Have you ever stopped to consider the incredible diversity of bird and animal life on our planet? While on various road trips spanning my lifetime, I’ve seen some extraordinary things. There was the beautiful majestic bald eagle, with a its six-foot wing span, swooping down across the road in front of me somewhere in northern Kansas. There was the single file of snorting elk galloping across the road in Yellowstone National Park as if to be demanding “Stop the car, we’re crossing here.” There was the singular elegance of a mother grizzly bear and her two cubs exploring the wilderness off to the right as I drove down the mountain road in Glacier National Park. There was the huge flock of American coots as they first float peacefully by in a pond in Merritt Island National Wildlife Refuge, but then suddenly, like an airplane on a runway, take off running across the surface of the water as they prepare to take flight. Recently, I had the privilege of visiting a zoo in Chicago and was overwhelmed with what I saw there. As I strolled around with my camera, I saw everything from this very large rhinoceros, with its tough gray/brown leathery skin and massive horn popping up between the eyes, to this sleepy giraffe so tall that the zookeepers had to hoist a bag of hay high up in a tree in order to allow him to comfortably feed himself, and then to this flock of brightly colored flamingos with their long, lanky legs and weird bills.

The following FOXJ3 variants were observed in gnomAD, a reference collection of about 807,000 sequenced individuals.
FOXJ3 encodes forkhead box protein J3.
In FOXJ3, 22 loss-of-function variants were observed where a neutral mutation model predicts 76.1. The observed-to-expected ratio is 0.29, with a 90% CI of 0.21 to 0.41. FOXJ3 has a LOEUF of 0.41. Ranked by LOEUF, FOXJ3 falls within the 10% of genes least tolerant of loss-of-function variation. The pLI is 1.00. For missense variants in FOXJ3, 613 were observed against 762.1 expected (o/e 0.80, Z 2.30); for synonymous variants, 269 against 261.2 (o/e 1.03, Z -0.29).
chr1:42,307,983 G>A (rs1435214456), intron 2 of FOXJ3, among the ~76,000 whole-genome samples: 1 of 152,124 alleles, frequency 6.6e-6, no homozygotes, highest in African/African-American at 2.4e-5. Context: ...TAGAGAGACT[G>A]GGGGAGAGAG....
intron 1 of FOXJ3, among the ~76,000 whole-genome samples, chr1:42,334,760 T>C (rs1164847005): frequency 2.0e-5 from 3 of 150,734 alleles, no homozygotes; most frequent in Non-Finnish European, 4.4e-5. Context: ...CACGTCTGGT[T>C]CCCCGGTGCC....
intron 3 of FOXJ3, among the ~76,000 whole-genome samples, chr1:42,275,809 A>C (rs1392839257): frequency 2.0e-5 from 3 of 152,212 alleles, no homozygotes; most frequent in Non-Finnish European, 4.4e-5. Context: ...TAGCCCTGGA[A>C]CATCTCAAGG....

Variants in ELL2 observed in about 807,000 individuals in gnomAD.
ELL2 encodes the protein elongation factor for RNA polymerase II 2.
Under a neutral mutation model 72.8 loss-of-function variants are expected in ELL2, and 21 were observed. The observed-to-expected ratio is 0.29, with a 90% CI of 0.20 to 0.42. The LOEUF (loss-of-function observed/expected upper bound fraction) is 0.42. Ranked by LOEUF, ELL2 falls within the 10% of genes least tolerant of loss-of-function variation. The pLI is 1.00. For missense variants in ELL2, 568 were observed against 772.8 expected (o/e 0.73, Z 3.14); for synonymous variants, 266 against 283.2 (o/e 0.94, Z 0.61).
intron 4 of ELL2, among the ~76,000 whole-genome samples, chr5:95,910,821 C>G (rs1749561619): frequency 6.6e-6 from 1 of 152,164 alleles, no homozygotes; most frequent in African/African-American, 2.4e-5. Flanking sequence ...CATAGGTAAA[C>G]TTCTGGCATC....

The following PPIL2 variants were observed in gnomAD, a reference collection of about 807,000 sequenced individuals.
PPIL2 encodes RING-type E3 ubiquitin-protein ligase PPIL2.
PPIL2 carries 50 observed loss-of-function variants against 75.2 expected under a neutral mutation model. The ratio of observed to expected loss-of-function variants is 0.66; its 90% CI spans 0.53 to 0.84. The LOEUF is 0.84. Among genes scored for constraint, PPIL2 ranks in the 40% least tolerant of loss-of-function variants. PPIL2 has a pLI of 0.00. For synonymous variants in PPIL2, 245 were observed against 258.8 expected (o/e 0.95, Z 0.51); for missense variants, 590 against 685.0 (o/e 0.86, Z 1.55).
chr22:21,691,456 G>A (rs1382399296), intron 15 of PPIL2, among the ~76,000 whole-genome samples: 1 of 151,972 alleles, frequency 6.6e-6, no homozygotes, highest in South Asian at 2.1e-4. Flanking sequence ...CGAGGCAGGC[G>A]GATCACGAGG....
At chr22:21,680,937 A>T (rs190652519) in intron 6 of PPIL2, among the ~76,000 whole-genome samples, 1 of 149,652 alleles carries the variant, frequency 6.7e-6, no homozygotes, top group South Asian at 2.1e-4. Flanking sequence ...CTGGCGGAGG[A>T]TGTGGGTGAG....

The diversity of life also includes us human beings, of course. We are beings with the ability to think, to reason, to use our brains, our hands, and our feet to accomplish things that no other being can. We are beings with a moral compass giving us the ability to distinguish right from wrong. We are beings with the ability to choose to act based not just on instinct, but on laws that we are able to formulate in order to live in harmony with each other and with our surroundings. Scientists say that our world has evolved over many millions of years in order to get to our present state. They say that the biological makeup, or DNA, has taken different pathways over this span of time that ultimately resulted in the extraordinary diversity. I’m running out of adjectives. Suffice it to say that God can be described by all of the adjectives I’ve used here, but I have reserved one for Him: Awesome! Let us stop, smell the roses, and give him high praise, glory, and worship for being who He is and let us give Him our thanks for doing all that He has done for us. Amen.
The photo is of a flamingo at the Lincoln Park Zoo in Chicago.